Mr. Musk, dressed in a black suit and black surgical mask, entered the courtroom and walked straight to the witness stand. He watched the jurors enter and beckoned to them. Mr. Musk, who said he “had trouble sleeping last night” and that his back was aching, sometimes pushed back in how Mr. Porritt asked questions. Judge Chen told Mr. Musk at least three times that he didn’t respond to the lawyer’s questions or went off topic.

Plaintiffs’ attorneys argued that people made investment decisions because Mr. Musk said he had the financing to take Tesla private and that he had investor backing for the deal. But lawyers for Mr. Musk and Tesla said investors would likely make decisions based on Mr. Musk’s statement that he was considering taking Tesla private — a statement his lawyers claim is true.

Legal experts said most companies and CEOs may have settled a case like this. But Mr. Musk has often shown a willingness to allow lawsuits against him and Tesla to go to trial.

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In his testimony on Friday, Mr. Musk acknowledged that his Twitter account provided important information about Tesla and that he must follow SEC rules. But he said his social media posts do not necessarily cause volatility in Tesla’s share price. He also said it can’t be as comprehensive on Twitter as Tesla can be in SEC filings and news releases.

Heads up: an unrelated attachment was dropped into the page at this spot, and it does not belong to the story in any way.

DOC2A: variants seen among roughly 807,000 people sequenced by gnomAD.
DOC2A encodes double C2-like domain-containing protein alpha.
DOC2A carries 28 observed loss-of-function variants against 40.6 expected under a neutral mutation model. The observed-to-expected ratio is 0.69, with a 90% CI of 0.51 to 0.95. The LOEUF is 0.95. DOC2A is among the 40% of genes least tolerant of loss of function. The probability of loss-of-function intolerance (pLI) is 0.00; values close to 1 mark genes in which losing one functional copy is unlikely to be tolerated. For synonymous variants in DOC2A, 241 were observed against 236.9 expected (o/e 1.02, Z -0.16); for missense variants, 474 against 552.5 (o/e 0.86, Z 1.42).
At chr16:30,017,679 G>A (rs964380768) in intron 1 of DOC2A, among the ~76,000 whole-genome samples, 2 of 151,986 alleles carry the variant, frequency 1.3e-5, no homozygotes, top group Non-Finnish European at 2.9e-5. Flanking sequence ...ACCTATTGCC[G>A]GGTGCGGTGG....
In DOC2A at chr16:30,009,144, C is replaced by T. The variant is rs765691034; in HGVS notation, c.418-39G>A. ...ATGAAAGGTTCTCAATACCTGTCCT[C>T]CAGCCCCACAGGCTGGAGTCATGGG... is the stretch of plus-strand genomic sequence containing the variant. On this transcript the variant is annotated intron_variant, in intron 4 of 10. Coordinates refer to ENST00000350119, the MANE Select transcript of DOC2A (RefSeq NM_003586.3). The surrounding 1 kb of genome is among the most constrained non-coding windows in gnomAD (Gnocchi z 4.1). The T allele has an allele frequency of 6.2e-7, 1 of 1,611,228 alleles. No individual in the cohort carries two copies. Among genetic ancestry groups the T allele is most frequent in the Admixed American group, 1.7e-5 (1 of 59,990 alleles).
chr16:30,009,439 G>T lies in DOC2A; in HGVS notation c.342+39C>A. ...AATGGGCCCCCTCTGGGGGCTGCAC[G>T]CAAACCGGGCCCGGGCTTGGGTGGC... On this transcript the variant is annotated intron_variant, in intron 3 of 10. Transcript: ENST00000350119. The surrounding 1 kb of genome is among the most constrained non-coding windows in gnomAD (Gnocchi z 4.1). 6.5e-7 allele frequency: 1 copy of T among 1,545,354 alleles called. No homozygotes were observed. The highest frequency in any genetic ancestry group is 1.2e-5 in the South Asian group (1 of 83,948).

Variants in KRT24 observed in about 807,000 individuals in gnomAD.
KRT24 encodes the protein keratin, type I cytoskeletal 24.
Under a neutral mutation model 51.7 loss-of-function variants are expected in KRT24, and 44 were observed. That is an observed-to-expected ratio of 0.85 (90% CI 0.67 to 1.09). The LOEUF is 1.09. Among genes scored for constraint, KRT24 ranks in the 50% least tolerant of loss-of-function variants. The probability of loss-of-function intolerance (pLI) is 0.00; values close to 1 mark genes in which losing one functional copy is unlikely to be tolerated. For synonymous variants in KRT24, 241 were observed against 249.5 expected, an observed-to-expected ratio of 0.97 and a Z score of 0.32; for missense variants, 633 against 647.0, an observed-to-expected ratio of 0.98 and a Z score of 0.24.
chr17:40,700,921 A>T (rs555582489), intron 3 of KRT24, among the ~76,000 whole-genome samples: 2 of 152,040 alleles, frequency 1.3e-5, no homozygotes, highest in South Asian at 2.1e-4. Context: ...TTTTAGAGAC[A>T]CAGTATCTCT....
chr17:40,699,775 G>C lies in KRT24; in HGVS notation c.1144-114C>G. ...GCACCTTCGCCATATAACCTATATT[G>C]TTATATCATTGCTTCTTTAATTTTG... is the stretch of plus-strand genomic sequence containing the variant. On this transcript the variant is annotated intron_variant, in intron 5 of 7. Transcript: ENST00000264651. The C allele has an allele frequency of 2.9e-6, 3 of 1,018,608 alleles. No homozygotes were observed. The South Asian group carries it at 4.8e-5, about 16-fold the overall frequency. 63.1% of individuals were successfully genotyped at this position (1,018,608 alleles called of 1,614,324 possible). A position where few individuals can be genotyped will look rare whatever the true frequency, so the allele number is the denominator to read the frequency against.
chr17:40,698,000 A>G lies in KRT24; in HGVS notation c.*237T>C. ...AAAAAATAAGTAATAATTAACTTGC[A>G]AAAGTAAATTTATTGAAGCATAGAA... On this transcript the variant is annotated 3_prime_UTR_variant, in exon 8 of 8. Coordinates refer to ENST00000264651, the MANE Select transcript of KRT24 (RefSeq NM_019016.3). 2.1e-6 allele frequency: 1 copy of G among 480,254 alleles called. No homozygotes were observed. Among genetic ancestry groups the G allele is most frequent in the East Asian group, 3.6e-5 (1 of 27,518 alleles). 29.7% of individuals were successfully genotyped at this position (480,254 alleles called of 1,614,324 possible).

Mr. Musk also said that his friends, as well as Tesla executives and investors, suggested he take a break from Twitter before he posted about taking Tesla private.

In 2018, Mr. Musk and Tesla settled a separate lawsuit with the Securities and Exchange Commission over his proposal to take Tesla private. They paid fines to the SEC, and Mr. Musk agreed to step down as head of Tesla and allow a lawyer to review certain data about the company before Mr. Musk posts it on social media.

The trial began three months after Mr. Musk got on Twitter. Since then, he has fired most of its staff, changed the content rules and allowed previously banned or suspended users to return to the platform.

Soon after Tesla’s private takeover effort ended in 2018, the company began producing large numbers of cars, sending its stock soaring and making it easier for Tesla to raise billions of dollars by selling stock. But the company’s share price fell last year as Mr. Musk sold shares to fund his acquisition of Twitter and as Tesla faced stiffer competition.